Some books are easier to write than others and I don’t know why that is. I write historical romance so maybe it’s the volume of research. Or maybe it’s uncooperative characters or a matter of simply not being in the right frame of mind to craft that particular story at that particular time. I struggled a bit with my books A Heart Enslaved and The Countess’ Lucky Charm but Barkerville Beginnings was such a pleasure to write that it almost wrote itself. Let me explain:
As far as the heroine, Rose, I chose her name because that was the name of my accountant’s former receptionist and I liked the historical feel of it. I imagined Rose as a single mother because I wanted to make things as tough for her in Barkerville as I could – single moms were frowned on in those days. I can’t remember how I came up with Harrison’s name but I knew he had to be a Viscount as my tag line is “From Vikings to Viscounts, Join the Adventure, Live the Romance” and up until Barkerville Beginnings, none of my books had a viscount.
As an author of one of the Canadian Historical Brides books, I had to incorporate real people so I did. ie Wa Lee, who gives Rose a job in his laundry, Judge Begbie, (known as “The Hanging Judge” and doesn’t that tweak your interest!), Madame Fannie Bendixon, the hotelier and saloon keeper (who may or may not have run a brothel!) who also offers Rose a job, Dr. Wilkinson who treats the injured leg of Rose’s daughter Hannah, and Wellington Delaney Moses, the barber, because Harrison needed a shave after being out in the gold fields.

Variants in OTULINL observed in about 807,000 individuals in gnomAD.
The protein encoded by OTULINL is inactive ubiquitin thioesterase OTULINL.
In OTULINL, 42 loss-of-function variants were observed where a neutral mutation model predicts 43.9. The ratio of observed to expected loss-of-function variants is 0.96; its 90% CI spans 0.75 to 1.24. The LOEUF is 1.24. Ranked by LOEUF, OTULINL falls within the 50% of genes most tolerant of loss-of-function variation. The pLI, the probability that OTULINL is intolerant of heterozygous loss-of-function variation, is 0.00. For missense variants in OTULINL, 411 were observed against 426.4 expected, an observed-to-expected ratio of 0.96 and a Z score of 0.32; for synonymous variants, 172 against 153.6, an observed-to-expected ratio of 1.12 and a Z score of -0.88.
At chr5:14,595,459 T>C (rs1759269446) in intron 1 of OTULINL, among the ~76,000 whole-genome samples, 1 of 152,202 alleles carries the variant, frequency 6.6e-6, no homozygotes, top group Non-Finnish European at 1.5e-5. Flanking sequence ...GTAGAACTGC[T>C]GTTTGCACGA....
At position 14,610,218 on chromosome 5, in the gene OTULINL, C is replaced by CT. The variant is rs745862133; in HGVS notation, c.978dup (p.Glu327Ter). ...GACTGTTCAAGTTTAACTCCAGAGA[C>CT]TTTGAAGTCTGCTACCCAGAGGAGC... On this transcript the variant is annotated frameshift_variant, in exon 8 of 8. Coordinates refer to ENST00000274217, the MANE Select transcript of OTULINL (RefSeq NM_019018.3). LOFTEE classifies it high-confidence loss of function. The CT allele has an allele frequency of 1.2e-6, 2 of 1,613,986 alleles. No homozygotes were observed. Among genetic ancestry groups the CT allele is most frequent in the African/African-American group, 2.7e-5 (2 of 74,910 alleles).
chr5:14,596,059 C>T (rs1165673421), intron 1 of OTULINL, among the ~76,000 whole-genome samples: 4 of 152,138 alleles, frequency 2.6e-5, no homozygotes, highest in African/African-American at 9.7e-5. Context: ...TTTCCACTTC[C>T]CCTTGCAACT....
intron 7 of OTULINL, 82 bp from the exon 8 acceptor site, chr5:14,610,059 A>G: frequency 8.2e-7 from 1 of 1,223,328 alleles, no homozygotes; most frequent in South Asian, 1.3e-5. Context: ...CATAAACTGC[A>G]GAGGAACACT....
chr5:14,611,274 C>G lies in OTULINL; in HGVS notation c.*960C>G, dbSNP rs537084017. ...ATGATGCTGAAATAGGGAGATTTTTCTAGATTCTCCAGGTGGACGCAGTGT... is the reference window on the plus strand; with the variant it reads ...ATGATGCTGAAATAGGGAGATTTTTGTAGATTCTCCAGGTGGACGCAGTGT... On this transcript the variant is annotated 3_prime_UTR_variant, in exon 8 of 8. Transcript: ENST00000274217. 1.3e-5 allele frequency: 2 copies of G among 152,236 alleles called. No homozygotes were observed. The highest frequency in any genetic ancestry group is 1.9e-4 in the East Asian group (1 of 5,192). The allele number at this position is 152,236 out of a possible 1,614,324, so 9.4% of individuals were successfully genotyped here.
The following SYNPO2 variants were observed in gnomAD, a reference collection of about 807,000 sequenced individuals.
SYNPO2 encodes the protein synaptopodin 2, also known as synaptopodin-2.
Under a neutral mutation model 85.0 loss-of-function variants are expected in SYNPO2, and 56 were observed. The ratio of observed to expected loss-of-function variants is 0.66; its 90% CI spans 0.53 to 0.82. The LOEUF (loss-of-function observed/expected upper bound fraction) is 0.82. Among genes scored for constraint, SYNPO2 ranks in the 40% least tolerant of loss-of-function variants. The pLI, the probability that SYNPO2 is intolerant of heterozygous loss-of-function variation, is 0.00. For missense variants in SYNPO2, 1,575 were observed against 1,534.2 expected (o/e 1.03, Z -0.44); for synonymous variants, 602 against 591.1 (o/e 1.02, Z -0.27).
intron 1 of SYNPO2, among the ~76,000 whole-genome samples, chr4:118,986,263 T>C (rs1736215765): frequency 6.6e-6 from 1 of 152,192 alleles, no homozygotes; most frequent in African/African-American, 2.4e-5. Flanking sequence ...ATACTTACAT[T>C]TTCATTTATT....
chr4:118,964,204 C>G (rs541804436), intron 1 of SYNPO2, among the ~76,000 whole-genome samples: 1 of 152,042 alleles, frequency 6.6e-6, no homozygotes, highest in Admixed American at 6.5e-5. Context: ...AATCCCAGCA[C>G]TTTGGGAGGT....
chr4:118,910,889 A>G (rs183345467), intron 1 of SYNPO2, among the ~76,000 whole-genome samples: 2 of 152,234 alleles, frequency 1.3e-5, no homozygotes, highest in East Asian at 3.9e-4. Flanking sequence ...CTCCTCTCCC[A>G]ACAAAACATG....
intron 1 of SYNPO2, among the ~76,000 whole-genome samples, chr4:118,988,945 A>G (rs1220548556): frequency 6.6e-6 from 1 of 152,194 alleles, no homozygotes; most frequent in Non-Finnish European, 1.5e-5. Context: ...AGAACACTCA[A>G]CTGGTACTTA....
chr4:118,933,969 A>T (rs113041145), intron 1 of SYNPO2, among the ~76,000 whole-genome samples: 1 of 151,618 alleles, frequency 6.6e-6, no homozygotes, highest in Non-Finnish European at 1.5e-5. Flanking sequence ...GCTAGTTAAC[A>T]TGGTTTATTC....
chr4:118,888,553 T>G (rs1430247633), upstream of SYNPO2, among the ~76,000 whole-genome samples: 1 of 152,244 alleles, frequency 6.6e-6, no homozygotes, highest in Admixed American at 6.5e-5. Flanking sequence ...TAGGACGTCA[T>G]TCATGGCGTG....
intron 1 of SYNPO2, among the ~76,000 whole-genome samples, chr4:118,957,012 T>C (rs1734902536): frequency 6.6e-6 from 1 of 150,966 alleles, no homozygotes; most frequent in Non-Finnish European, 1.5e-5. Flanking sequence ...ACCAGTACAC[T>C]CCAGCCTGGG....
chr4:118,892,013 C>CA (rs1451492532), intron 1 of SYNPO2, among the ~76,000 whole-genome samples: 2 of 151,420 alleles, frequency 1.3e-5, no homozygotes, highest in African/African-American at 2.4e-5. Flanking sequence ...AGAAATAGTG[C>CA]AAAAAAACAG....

To ensure historical accuracy of the book, I worked with one of historians from Barkerville, a lovely lady by the name of Caroline Zinz, and I hope one day to meet her.
I’ve been to Barkerville so I wanted to mention the lonely grave you drive past on your way in from Quesnel. Here is Rose’s impression as she passes by:
The wagon slowed as the road neared a fenced grave, enough that Rose could read the headboard: Charles Morgan Blessing.
“Lonely spot to be buried,” Harrison commented and he doffed his hat as they drove past.
Rose nodded. “It is.” A chill tiptoed down her back at the forlorn sight, a reminder of the fragility of life in this wilderness. She craned her neck for one last glimpse before the road twisted away.
I was also quite taken with the wooden sidewalks so of course I had to mention those as well:
Looks like we’ve arrived,” said Harrison as a cluster of buildings came into view. Once again the mules, sensing the end of a long day, picked up their pace and the wagon bounced and rattled down the last little bit of the Cariboo Trail.
Rose hadn’t known what to expect but her first view left her numb. This was Barkerville? The town that gold built? This jumble of wooden, mostly single story buildings tottering on stilts alongside a wide, muddied creek? Surrounded by steep hills stripped bare of trees? How unattractive, brutally so.
The road through town was in poor shape, rutted and puddled with patches of drying mud. In consideration for pedestrians, raised wooden walkways fronted every building like planked skirts. Rose could only conclude the creek must flood frequently. Her poor boots, already soaked through once since embarking on the trip, would certainly be put to the test here.
The closer they came, the more her heart sank. What had she got themselves into?”
Here I am on Barkerville's Main Street and you can see how high the sidewalks are raised because the street used to flood quite frequently.
As an author of historical romance, it’s my job to place my readers in the proper time frame and I hope I’ve accomplished that in Barkerville Beginnings!
Would you like to read Rose's, Hannah's and Harrison's story? You can find Barkerville Beginnings at your favourite online store here: https://books2read.com/u/bQB6Mv
Or in print at your favourite book store. :)